Pumpkin pie, jack-o-lanterns, painted pumpkins, planted pumpkins, pumpkins decorating fall tables, and, of course, pumpkin spiced lattes. Here’s your guide to growing pumpkins, which ones are best for decoration only and whiich ones are good to eat!

Start with Seeds:

What’re the best pumpkins to grow? 

  • Jack-o-lanterns: Try Connecticut Field Pumpkins, an heirloom variety that carves easily and makes tasty pies. Or, a newer variety, Charisma pumpkin is slightly smaller (12-14 lbs), is mildew resistant and is also pie worthy.

  • Easy to paint: Lumina pumpkins or Ghost pumpkin. These are fun to paint because of their smooth, white skin. Paint glides on, and color stands out.

  • Best to Eat: Sugar or PIe Pumpkin, also perfect for table decor. Small, weighing in at 5 lbs.

  • If You Need a Carriage Ride: The common name is Cinderella pumpkin. The fancy name is Rouge vif d’Etampes. Great for stacking pumpkins because of its flat shape, and the red-orange color is showy.

  • Colorful Pumpkins: Jarrahdale pumpkins are deeply ribbed, grey-blue slate, but use only for decor. This one isn’t for baking. Porcelain doll pumpkins are deeply ribbed, pink pumpkins weighing 16-24 lbs, are sweet to eat, and fun decor.

Sugar or Pie pumpkins are perfect for baking, and are small enough to use with tabletop decorations.

Planting Tips:

  • Space is a consideration. The typical hill needs 50-100 square feet. If space is an issue, get creative with smaller pumpkins by using containers or training up trellises, or allow vines to grow over the sides of the garden beds.

  • Full, direct sunlight is needed. That 10 a.m. to 4 p.m. direct, overhead sunlight is best.

  • Pumpkins are heavy feeders. They prefer fertile soil that drains well. Mix lots of compost (2-4 inches) or soil amendment (1-2 inches) into beds before planting.

  • Plant seeds directly into the soil. For Western North Carolina, May 10-June 15 (after soil has warmed up to 70 degrees) is the time for planting pumpkin seeds.

  • Plant seeds in rows or “pumpkin hills” allowing for the soil to warm up faster and drain better.

  • For hills: Plant seeds 48″ inches apart and 1.5″ deep. (This is for the larger varieties, double check your package of seeds for instructions.) Plant 4-5 seeds per hill.

  • For rows: Plant seeds 6″-12″ apart in rows 6′-10′ apart.

  • Seeds germinate quickly. When seedlings reach 2-3″ tall, thin to 2-3 plants per hill. In rows, thin to 1 plant every 18″-38″.

  • Mulch well to retain moisture and give pumpkins a dry, better draining area to avoid rot as the fruit forms. Using a mesh under the fruit helps with rotting.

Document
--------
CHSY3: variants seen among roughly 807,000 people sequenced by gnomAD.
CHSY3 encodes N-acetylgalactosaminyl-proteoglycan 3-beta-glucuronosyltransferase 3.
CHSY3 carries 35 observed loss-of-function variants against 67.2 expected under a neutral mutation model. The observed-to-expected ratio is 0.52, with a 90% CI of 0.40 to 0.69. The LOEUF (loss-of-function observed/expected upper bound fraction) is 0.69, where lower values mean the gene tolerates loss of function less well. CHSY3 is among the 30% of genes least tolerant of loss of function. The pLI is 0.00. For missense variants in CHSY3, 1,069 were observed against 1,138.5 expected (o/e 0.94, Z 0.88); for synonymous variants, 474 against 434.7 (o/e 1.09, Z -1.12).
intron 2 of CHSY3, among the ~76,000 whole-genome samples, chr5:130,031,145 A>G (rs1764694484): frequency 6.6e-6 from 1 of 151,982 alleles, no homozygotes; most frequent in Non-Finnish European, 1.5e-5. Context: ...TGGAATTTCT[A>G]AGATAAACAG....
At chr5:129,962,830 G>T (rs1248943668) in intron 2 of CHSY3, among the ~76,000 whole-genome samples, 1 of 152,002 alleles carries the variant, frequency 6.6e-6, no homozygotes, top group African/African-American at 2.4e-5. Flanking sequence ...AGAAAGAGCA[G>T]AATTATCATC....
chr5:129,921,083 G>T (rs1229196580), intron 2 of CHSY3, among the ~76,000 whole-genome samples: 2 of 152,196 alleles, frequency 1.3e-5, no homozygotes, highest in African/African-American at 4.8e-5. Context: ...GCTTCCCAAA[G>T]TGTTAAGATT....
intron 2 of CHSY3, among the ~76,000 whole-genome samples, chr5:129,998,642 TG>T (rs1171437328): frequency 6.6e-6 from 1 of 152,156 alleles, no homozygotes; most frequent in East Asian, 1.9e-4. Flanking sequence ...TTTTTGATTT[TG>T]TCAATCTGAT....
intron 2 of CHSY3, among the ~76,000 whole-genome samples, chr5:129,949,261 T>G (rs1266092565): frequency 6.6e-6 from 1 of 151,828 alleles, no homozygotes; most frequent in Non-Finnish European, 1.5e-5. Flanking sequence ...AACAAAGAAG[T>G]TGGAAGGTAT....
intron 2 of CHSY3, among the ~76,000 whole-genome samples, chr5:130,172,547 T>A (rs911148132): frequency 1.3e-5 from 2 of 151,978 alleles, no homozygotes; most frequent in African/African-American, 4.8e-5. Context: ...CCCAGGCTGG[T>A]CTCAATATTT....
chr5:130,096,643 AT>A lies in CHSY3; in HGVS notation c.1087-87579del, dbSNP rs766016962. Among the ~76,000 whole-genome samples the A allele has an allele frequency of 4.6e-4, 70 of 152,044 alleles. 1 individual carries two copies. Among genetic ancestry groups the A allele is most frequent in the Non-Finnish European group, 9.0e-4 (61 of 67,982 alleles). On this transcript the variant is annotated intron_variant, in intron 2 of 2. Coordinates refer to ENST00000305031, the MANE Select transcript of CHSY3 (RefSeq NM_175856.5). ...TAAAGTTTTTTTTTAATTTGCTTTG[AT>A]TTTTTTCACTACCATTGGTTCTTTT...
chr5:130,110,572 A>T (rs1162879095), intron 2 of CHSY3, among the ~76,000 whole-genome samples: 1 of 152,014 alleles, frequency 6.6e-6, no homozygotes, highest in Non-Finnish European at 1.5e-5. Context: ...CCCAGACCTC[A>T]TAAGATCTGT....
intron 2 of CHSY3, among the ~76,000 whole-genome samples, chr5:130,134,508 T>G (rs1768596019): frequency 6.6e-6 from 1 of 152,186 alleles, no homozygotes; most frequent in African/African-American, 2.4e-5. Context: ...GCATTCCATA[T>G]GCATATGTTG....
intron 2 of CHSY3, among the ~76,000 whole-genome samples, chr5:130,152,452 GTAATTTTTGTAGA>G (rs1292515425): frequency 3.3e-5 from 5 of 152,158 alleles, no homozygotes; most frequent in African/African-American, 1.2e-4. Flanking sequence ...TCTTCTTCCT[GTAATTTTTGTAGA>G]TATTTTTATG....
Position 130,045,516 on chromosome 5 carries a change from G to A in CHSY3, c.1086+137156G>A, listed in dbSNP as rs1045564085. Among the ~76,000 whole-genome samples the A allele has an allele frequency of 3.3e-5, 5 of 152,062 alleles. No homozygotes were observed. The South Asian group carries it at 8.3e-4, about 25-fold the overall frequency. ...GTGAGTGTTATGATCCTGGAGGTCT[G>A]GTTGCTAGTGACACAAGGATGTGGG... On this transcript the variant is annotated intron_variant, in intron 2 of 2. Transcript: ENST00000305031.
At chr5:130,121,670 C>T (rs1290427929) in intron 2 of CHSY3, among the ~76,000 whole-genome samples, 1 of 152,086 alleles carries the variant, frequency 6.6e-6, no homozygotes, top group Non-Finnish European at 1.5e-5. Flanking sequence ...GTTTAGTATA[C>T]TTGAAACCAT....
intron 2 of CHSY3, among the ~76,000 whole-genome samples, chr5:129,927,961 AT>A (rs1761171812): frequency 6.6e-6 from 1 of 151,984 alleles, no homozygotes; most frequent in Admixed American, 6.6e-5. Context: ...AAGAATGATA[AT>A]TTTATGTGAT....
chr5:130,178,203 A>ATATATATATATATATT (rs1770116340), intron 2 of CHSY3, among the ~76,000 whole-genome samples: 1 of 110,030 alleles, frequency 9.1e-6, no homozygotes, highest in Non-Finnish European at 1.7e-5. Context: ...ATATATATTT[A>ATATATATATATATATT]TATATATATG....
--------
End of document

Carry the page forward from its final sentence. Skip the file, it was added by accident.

Ghost or Lumina pumpkins.


  • An inch of water a week is necessary for pumpkins. Be sure to water during drought, and early in the day for vines and fruit to dry off.

  • Fertilize young plants with high nitrogen fertilizer for vine growth. As pumpkins grow use a high phosphorous fertilizer to help with fruit production.

  • Roots are shallow, so be careful when weeding to avoid disrupting roots.

  • Pollinators are essential for fruit formation. Plant flowers nearby to encourage the bees, and be careful with herbicides.

  • Pinch off the fussy ends of the vine as the fruit forms to develop bigger and better pumpkins. If you’re going for the biggest pumpkin contest, leave only one or two pumpkins per vine.

  • Rotate fruit to avoid rot and develop a rounder shape (and remember to be careful not to damage roots).

  • Watch for squash bugs, cucumber beetles, aphids and powdery mildew.

The tall ‘Harvest Time Hybrid’ pumpkins make good Jack-o-lanterns and last long past Halloween.

Fairy Tale pumpkins have deep ribs, mahogany color, and a thick stem. Great decor and good pies.


  • When pumpkins are a deep color of orange (or whatever their color), they are beginning to ripen.

  • Do not pick when pumpkin is the right size, wait until it is ready to harvest.

  • Let it ripen on the vine.

  • Thumb the pumpkin and push on the skin with your thumbnail. If it sounds hollow, and the skin won’t puncture, it is ready to harvest.

  • Cut from the vine. Do not tear. Use a sharp knife and cut 5″-6″ inches from the vine.

  • If storing for winter usage, let cure in the sun for a week, then place in cool, dry place at 55 degrees.

Written by Cinthia Milner, garden coach and blogger.

BB Barns Garden Center serves all of Western North Carolina, upstate South Carolina and Tennessee.